Update 2/11/2021: I was able to repurchase this watch at a very, very reasonable price – all things considered. Given that I got it for under $500 I must say it’s incredibly impressive, even without a great HR sensor. I have grown used to using my HR strap for workouts at this point and the training suggestions this watch makes based on that information is truly amazing. I am a strength and conditioning coach and I am extremely impressed that under the calendar widget they added a new feature of recommended workouts for running and cycling for each day based on previous workouts and the HR data. I’d say it’s spot on with how I’m feeling. It’s very, VERY good. The battery life is still excellent. I get about 11 days with 1hr of training each day. I do not sleep with it on. I love it at this point and am pleased that I found it at a lesser price. It’s worth it. 4 stars for the mediocre HR sensor and high price.UPDATE: 5/11/2020: So, I have given up on this watches HR tracking ability. This one issue is significant and it really is an inconvenience to always have to look for and use a chest strap. I have extensively, over the course of 8 months tested and re-tested this device in hopes that the HR accuracy would improve with time. It really hasn’t. In short, so you don’t have to read everything else I posted her, it straight up sucks when compared to the apple watch 4 or 5. This watch cannot accurately display your HR when ascending hills on a walk. On a hike, they finally got something to register. Up until the last update, it would never crack 89bpm. Now, if you’re working hard ascending a hill, it will eventually catch up and display a HR that is accurate but the lag time to get there is insanely long. Usually 30 seconds or more so you’ll be done with a hill and on flat ground before it catches up to, and displays it correctly. It will not measure HR correctly on bike rides on anything but flat, smooth terrain. It only works when steady state running or steady state bike riding indoors. All of the training effects/suggestions are based on HR data. This does not record HR data accurately or at all in most cases so that stuff is useless in practice. I would not buy this. It is way to expensive. You could buy it and use a chest strap for all activities which is up to you to decide if spending this much and having to use that is reasonable. The apple watch 4 or 5 are still far superior. I thought I’d use the maps feature more and I do find it incredibly useful, but because I train the way I do, having solid HR tracking is more important to me than the map features which I could probably find a solution for via my phone. I train everyday with lifting, running, cycling, swimming or some variation of HIIT training. Keep track of the HR data is a great way to see how my fitness is progressing. Don’t waste your money on this unless you don’t care about HR data. Other than that it’s dope, but it does not work as advertised in a hugely important way. I can’t overstate that enough. This is supposed to be a fitness tracker, after all.TL;DR as of 2/10/20 I would not recommend buying this watch. There has been a persistent issue with the HR monitor either lagging behind excessively or not properly reflecting your HR during several activties including hiking, stair workouts and others. Garmin knows of this issue but hasn’t fixed it and I’ve been waiting months for that to occur. I am returning this watch and waiting for a fix at which point I will repurchase it or waiting for the 7.I’m an Ironman triathlete and outdoorsman. I’ve been seeking a fitness tracking watch for the past year to replace my Apple Watch Series 4 since it is inadequate is some areas: in particular, battery life and the lack of an always on display. This review has been ongoing and I keep updating it with more experiences. I am definitely disappointed with a few very specific and important features. I will elaborate in an update section.I had previously tried three Fenix 5x models. All 3 had an optical HR sensor that was atrocious and I thought it could be due to a faulty unit, but it’s just their inherent design. You can google this independently and conclude the same. The sensor was always delayed during cycling workouts and failed to reflect my heart rate as it dropped when I rested from intervals.The Fenix 6 is a substantial upgrade in every category compared to the 5X. However, my focus of this review is on the heart rate accuracy and if it is better than the 5x. I tried this unit out because Garmin redesigned the sensor for the new Fenix 6 models. I can tell you from personal experience that it is better at locking into a HR when compared to the 5X. It is still delayed when compared to the apple watch series 4 and 5 or a wahoo tickr chest strap. It usually takes about 10 seconds after a 5-10 minute warm up to properly lock onto a HR. All is good once it locks in and it’s usually only 2-10 seconds behind a chest strap and at most, 2-3 beats off from the chest strap but it actually matches it most of the time. It’s excellent at steady state activity like longer runs and indoor cycling on a trainer but that seems to be about it. The biggest problem that persists which was present in the 5x, is the inability for this device to accurately display your heart rate as it ascends or descends if you quickly change intensity, or come to a stop to rest from any type of interval workout – or any workout for that matter. Especially outdoor cycling because of the vibration in the road. In other words, if say, you were to do a quarter mile hill sprint on a bike, there is never a time when I stopped that the watch was able to reflect the descending heart rate properly. It would usually hit 165 then, it would slowly drop and get stuck at 110-120bpm, when in reality compared to the chest strap or apple watch series 4, my heart rate was at 75-90bpm or less. I sometimes would wait up to seven minutes before the watch would reflect the lower heart rate. This renders any short duration activity useless. It distorts the displayed training effects (if the workout was primarily aerobic or anerobic once you hit stop) and turns your workouts and post workout training effects that are displayed into garbage because your average heart rates are entirely thrown off usually 20-30 beats too high. This renders the device useless for anyone who weighs interval training heart rate data heavily in their training program. Unless you spend another 75-100 for an external strap which should not be necessary at this price point.I want to make this very clear: the Apple watch 3 and beyond have been scientifically researched in a few medical journals and have been shown to be the most accurate wrist based optical heart rate sensors when compared to Garmin, fitbit and one other brand I cannot recall. This is extremely troubling to me because Garmin advertises itself as being the gold standard for fitness enthusiasts. This is a major shortcoming that cannot be overlooked in a nearly one thousand dollar time piece geared to help you train more efficiently. For that reason, and that reason alone, I would not recommend it. Garmin’s main competitor in this space (Apple) can make a product that yields accurate data for 50% the cost.However, I will say that the watch has many other features that are outstanding including its display which is remarkably easy to see in the light and 60hrs of GPS tracking for long overnight backpacking trips or endurance races/workouts. Based on my current experiences, the navigation ability is good and its usually about 50 feet off from my target destination which is impressive. It’s tough to swallow buying a watch this expensive and it not being at least as good as a year or older Apple watch heart rate sensor. It just isn’t. It is terrible for elliptical and hiking workouts and takes 5-10 minutes to lock in and usually fails to at all because of the arm movement, it is just terrible during hikes. I think it is because when you select the hike activity, some power saving features are occurring in the background which affect HR. I tested this by doing hill runs where my HR would hit 140-150bpm. The watch never showed above 120bpm.It works best when on a stationary bike or jogging. It’s proven to be useless in every other category. This was never an issue with my series 4 apple watch. Garmin engineers, you guys have got to step it up with the HR tech or HR algorithms in the software because everything else is built on the heart rate results you collect. I’d rather have less features in this watch and have the ones you do have be on point over anything extra. ESPECIALLY HR accuracy.As I said, you can spend another hundred dollars and get their triathlon heart rate strap but oh my, you’re now spending over a thousand dollars to make up for a fault in the product which at this point, shouldn’t exist to this extent. A little faltering is bound to happen with PPG technology, but this problem existed in the 5x and continues to exist in the 6. I would not recommend this product if you want it for accurate heart rate data to help you train more efficiently unless you only do steady state activity. In reality, it is not for the hardcore HIIT athlete and even outside of those hardcore training sessions, it can’t hold its own against the Apple Watch 4 or 5. Truly disappointing.UPDATE 10/22/19: I wanted to be fair here and say that I did end up returning this watch, but the other features of it are so good, that I eventually sold my Apple Watch 4 and bought another 6x saphire pre-owned. I’d say even though the HR sensor is bad for most workouts, it’s quite good at steady state stuff like running and indoor cycling on a trainer. The HR sensor is a little faster than the 5x plus was, but that’s not saying much. The wrist band is better than the 5x but too heavy. Getting the perfect fit is better than on the 5x plus but it’s a bit annoying. It’s either too loose and wobbles when hammering during a fast run or tight as hell. So look out for fabric sport nylon band loops when they come out.I saved about $260 by buying it preowned. If you can get the Saphire 6x pro model for $650-$700 or less I would say, it COULD be worth it. Spending that much still hurts BUT the display is truly amazing coming from an Apple Watch. No, it’s not a beautiful high res OLED but it’s way more functional and practical. As are the buttons. The touch screen on the Apple watch sucks so much for swimming, and hikes, or camping trips when you have your gloves on. There’s also no more wrist flicking at 20mph bike rides so if you ride, way safer than the series 4 apple watch. Plank sets are easier too. or anything really, I was surprised by how many times I was doing that flick to turn on the apple watch screen. Looking back on it, it was so dumb and slowed me down every time. The Fenix 6 watch is more than capable of weeks of usage. I workout every day for 45-60 minutes: running, lifting, cycling, swimming or hiking, and can go two weeks without charging this thing with pulse Ox off and only measuring it at night when I sleep. It looks way cooler than other GPS watches (not my main priority, but worth mentioning because style is a factor.) it’s extremely durable with the saphire and DLC coating although I scratched the bezel DLC coating at work rubbing it against a metal door frame.I wrecked my Apple Watch by rubbing it against stuff and had to get a replacement. Deep scratches formed on the screen. It sucked. That will not happen to this watch’s display. that gives me peace of mind. it’s a bit lighter than the 5x plus, but with the band still heavy. You’ll feel it.Overall, at the $650-$700 or less price point, it’s potentially a worthy competitor to others in the industry. I would not get the 6. The screen is quite small coming from a series 4. I also tried the six.The 1.4inch size is really nice on the 6x pro and saphire. In summary, At the current 850 + tax. Still no way unless you’re looking to splurge and be disappointed by many of the key aspects you would not want to be disappointed by. Think of all the other cool effective equipment you can buy for that! I bought a wahoo kicker for less! That made me a better athlete. Not the sexy watch. It’s good, but not that good. Wait for a sale or buy pre-owned and you’ll be much happier. as I said a millions times, I got a good deal because I offset the cost by selling the Apple Watch for what I paid for it new, and then buying pre-owned. Out of pocket at that point was pretty low. That’s my final verdict and recommendation to you. I’m always going to laugh a little at myself for spending as much as I did on this watch because they’re obsolete in a year and we use them less than our phones and spend just as much on them. Aside from the stuff I mentioned, it is pretty amazing for navigation in the woods. I didn’t even mention how you can have it create a route for you for a run in an area you’re not familiar with. It can do these out and back runs or back to start routes if you get lost. You can view the map as you run and the route is highlighted in purple and at it’s worst, it’s about 50 ft off actual distance or location when in wooded areas. When on an open road with clear skies, it’s on point. It’s the jack of all trades and master of none other than navigation. im still learning it and will keep updating it as IUPDATE: 12/18/2019: Another thing worth mentioning, The power meter accuracy on this also is off. I calibrate it before every ride with my Quarq meter on my tri bike and when compared to my Wahoo app which is paired to my Kickr, it’s always 20-30 Watts off. It makes no sense to me because I thought it would be projecting the numbers from the Kickr. This watch sucks at data collection in that regard. I really can’t emphasize that point enough. There are some major issues with HR accuracy, too. I’ve gone as far to shave my arm hair to see if it would improve it (It might have in the smallest way, but I didn’t do a scientific study to see.) and even after some updates which have improved HR readings, it still is awful with specific tasks – one in particular. The HR accuracy has never been accurate on any hikes. It only works on steady state indoor rides and runs that are also steady state or tempo. I contacted Garmin twice, and to their credit, after pushing a little bit on the second call, they sent me a second Fenix 6 because they thought the sensor was broken. It was not. The hiking app on the 6x pro sapphire will not produce an accurate HR reading. It will never break through a certain threshold. For example, if I’m hiking up a hill and my HR is at 160, the watch will NEVER display a HR above 90-110. Now, if I switch to trail running during the same hike instead of the hiking activity, the HR will shoot up to where it actually is. This is a flaw I brought to Garmin’s attention and they are aware of it but a lot of time hasn’t passed yet and I do not know when it will be fixed. If ever. It is clearly a software issue. As a result, I will be returning this watch for a full refund from them if it’s not working as advertised in a month or two. I’m willing to give them some time to work out this bug but it should never have been there. Not on a product like this.It’s a good watch for it’s display, battery life and wilderness GPS tracking capabilities. It isn’t for the HIIT athlete unless you’re willing to accept some compromises and also buy an external HR strap for serious interval work. And again, accept that your bike wattage displayed will be off even after calibration.In conclusion, it’s very clear to me that this is a watch that has too much in it and the focus is far too broad for success to exist in any one specific area other than navigation, an easy to read display, and battery life due to its size. Their companion app is excellent but not as helpful as you’d think because your HR data will be inaccurate during any interval workouts and for hikes, it’s essentially non-operational. However, It will work during steady state cycling indoors or out, and tempo run workouts just as well as an apple watch 4 or 5. I have compared it to both while running and riding on a bike they basically are equal.UPDATE 1/22/20: OK, so I’ve been testing out this watch since August, the main flaw I have reported is the watch’s failure to accurately track HR during the Hike activity app as stated above. Even with the 5.77 software BETA installed, it still doesn’t work. After talking to garmin in the past, they told me it was working as intended on the smaller watch. I decided to pick one up to test it to see if they were lying to me. They weren’t I have both watches on hand for testing purposes and the Fenix 6 standard watch correctly reflects my HR during a hike or even run when the activity is set as a hike. The Fenix 6X sapphire still holds my HR at 90BMP when it’s actually 170+. Garmin told me that they are aware of the issue and 40 other users brought it to their attention but they are currently working on other things at the moment and it is only being investigated. I would not buy this watch. I am going to return this and keep the smaller 6 since it actually works as advertised. There is no established end date to the false HR reading during hiking. This is an unacceptable bug and they’re openly admitting that they’re working on other things before they get around to that, so for that reason I’m out. Go with the smaller 6 and it’ll likely work right out of the box as intended. The only solution is to log the activity differently. If you log your hike as a run, it will record HR data properly.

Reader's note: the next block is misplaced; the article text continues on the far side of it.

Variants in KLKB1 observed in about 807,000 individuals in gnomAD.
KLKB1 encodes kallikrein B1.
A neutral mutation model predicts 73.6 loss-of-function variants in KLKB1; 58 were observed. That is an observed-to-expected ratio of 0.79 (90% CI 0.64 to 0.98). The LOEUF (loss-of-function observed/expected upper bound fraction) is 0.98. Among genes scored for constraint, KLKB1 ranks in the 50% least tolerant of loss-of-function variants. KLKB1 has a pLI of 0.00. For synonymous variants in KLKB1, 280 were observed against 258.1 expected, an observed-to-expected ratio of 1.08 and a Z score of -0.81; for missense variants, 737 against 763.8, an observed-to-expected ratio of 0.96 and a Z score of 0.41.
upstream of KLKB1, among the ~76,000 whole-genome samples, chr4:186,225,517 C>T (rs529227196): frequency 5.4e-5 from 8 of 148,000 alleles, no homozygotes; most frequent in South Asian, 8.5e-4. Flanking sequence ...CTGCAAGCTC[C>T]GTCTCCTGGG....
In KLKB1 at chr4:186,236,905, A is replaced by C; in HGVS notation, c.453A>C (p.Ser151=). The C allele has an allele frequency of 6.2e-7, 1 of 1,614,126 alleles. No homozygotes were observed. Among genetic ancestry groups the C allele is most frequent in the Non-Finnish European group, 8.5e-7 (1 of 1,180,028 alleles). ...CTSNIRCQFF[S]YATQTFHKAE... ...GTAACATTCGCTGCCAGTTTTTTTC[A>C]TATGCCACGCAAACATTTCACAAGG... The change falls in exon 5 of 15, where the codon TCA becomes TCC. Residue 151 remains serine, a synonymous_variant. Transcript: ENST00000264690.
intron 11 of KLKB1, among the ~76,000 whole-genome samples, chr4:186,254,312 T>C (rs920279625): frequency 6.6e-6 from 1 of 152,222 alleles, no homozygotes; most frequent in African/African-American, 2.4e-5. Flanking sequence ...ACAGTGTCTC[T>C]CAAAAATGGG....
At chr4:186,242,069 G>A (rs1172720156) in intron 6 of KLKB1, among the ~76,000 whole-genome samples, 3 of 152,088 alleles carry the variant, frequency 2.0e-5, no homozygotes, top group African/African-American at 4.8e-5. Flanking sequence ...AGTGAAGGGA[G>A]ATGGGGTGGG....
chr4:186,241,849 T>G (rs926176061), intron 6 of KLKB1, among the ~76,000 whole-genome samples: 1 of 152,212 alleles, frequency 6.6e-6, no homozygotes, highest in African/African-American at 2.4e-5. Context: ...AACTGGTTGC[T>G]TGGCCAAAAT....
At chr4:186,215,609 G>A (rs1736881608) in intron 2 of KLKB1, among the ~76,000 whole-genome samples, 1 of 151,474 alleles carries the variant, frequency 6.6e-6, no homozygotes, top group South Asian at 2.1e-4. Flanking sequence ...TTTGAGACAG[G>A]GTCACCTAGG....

L. S. Brodsky –